The Vision & Philosophy Behind the Design of the Academic Cheating MOOC — from by Bernard Bull


With these two concepts in mind, I sought to design a MOOC environment that blended the elements of xMOOCs and cMOOCs.  The vision was for me to serve as a sort of tour guide, occasionally directing people as needed, establishing suggested “sites” and activities.  And yet, I wanted to leave ample room for user-generated, group-constructed knowledge.  Here are some of the MOOC features that emerged from this vision.


5 ways online education can keep its students honest — from by Ki Mae Heussner
As online learning platforms like Coursera, Udacity and edX raise the stakes for students with increased partnerships with traditional universities and credit-bearing classes, here are five technologies that can help them thwart cheating.


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From DSC:
The website below is very disturbing in terms of the questions it raises — though such questions and activities are certainly not limited to what occurs in the online classroom, as evidenced by The Shadow Scholar (from The Chronicle by Ed Dante) where a man confessed to writing ~5,000 scholarly papers for students, including grad students.


  • Should the owners of this site go to jail? Or is this just capitalism gone awry? 
  • Does this business make a profit?  If so, why and what does that say?
  • Is this type of thing happening for just a handful of people out there? How would we know?  Can the’s of the world detect/stop this?
  • If their services are in demand, should that inform or influence any differences in the strategies or pedagogies we utilize within higher education?  Do we need to re-evaluate what’s really being achieved and not achieved? That is, if employers didn’t look to a college degree, would students come to learn anyway or would they be gone by morning?
  • What, if anything, does it say about students’ ethics?  Matters of the heart?


WE take your class dot com -- should these people go to jail?


Look at some of the “services,” “benefits,” and messages being offered therein:

  • We take your online classes for you and you get an A
    Underlying message: We’ll help you get that piece of paper so you can move on to what really counts.  (Don’t worry about not knowing anything…you won’t have to prove yourself later on…and never mind about your work ethic, this is a one-time-cutting-the-corners type of decision, right? Isn’t it? Isn’t it?!)
  • Life is too short to spend on classes you have no interest in
  • Give us a deadline and we will meet it!
    Underlying message: Corporations outsource many things, why shouldn’t you?  (Never mind that learning should be your core business and should not be outsourced.)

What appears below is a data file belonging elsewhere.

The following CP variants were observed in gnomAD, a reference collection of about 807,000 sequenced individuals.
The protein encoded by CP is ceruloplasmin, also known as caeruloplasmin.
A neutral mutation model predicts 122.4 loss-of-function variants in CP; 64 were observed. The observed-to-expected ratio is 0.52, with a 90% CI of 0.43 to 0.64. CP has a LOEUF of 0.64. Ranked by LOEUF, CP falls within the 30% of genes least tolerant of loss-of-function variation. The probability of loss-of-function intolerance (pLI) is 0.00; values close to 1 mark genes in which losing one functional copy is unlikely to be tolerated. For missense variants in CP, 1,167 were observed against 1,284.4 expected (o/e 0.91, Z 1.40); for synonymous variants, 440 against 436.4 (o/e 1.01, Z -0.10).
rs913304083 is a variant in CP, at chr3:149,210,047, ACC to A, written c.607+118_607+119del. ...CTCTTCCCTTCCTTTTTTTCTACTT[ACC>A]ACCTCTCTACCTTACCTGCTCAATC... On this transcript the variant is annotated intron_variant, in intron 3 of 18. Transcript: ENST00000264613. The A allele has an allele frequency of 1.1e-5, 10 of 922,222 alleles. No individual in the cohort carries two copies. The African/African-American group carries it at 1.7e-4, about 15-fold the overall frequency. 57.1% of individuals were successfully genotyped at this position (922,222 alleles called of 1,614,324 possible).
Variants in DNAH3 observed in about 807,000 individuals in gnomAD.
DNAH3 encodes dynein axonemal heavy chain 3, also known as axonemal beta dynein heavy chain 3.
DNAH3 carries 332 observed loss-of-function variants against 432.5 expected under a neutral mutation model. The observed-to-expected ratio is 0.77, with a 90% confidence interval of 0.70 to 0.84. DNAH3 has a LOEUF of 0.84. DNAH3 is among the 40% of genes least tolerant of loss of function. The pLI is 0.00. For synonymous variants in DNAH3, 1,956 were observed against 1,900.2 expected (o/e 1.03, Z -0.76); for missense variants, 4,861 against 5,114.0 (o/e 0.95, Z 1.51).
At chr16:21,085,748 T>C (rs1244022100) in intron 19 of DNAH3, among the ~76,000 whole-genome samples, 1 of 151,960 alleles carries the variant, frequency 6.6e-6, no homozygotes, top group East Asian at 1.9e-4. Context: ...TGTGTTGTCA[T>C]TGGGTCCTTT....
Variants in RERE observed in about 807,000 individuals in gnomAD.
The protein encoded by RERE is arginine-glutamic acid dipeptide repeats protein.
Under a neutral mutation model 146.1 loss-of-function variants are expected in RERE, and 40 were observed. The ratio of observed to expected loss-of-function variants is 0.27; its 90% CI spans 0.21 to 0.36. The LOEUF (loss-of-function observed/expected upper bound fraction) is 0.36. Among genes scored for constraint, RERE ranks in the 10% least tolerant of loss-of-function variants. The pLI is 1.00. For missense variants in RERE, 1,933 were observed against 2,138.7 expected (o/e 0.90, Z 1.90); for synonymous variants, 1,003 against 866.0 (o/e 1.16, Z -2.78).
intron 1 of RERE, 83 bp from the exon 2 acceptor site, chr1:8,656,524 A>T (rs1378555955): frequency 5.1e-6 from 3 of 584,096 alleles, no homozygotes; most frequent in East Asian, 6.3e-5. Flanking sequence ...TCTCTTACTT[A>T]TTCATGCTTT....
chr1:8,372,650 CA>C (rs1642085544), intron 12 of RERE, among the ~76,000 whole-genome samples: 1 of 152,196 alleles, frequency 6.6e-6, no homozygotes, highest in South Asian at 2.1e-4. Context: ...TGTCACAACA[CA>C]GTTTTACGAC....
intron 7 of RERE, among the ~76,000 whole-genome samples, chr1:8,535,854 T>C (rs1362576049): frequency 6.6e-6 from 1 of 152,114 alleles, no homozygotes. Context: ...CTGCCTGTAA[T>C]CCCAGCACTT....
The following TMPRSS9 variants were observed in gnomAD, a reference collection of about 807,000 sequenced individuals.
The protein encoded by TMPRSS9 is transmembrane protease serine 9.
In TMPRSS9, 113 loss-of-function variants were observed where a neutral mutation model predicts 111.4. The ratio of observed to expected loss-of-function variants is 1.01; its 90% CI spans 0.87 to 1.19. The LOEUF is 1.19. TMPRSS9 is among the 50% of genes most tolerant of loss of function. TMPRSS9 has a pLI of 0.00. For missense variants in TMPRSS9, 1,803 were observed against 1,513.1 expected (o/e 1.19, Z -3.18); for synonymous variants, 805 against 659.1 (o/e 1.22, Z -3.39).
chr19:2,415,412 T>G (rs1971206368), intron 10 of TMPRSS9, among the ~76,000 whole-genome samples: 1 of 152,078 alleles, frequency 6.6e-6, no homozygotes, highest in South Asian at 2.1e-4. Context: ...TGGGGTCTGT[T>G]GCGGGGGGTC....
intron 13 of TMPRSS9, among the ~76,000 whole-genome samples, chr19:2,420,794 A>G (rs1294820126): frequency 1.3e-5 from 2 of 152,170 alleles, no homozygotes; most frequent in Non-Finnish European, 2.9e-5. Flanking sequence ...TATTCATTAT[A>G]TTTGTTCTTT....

How about you all, what are some questions that this type of thing raises in your minds?


Are they learning or cheating? Online teaching’s dilemma — from by George Anders; my thanks to Mr. Yohan Na for the resource

From DSC:
I think the key is that folks are going to need to show what they can do, not just what they know (in order to get a job for example). That type of thing will expose (at least to a degree) who has been doing the work and who hasn’t.  Also, I’m hopeful that faculty members can integrate assignments that personalize the learning — that make it relevant; so people will have a greater incentive to do the work and hopefully get more engaged with it.

The topic of cheating/plagiarism gets at a far deeper issue — why don’t people want to do the work in the first place? Where’s the enjoyment of learning? Why isn’t learning more enjoyable? How can we make it more enjoyable/relevant/personalized?

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Is your Moodle “cheatable”? — from Moodle News


The Rubric is available at and you can check out Jared Stein’s Cheatability Factor Presentation at Mr Stein works for UVU as Director of Instructional Design Services.

What the tool is getting at is the randomness of questions posed to students and what type of opportunities, if any, students have to cheat or collaborate on independent work. While most questions are straightforward there was the occasional curveball like this, “Could students find a paper on the topic just through Google? Or does the paper require individualized selection of topic, interpretation, analysis, and reflection?”  Not quite a yes/no question (but those are exactly the answer choices you have).

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Plagiarism and the web -- from - August 2011

Top 10 Faculty Focus Articles for 2010, part 1 — from Faculty Focus by Mary Bart 

Top 10 Faculty Focus Articles for 2010, part 2 — from Faculty Focus by Mary Bart

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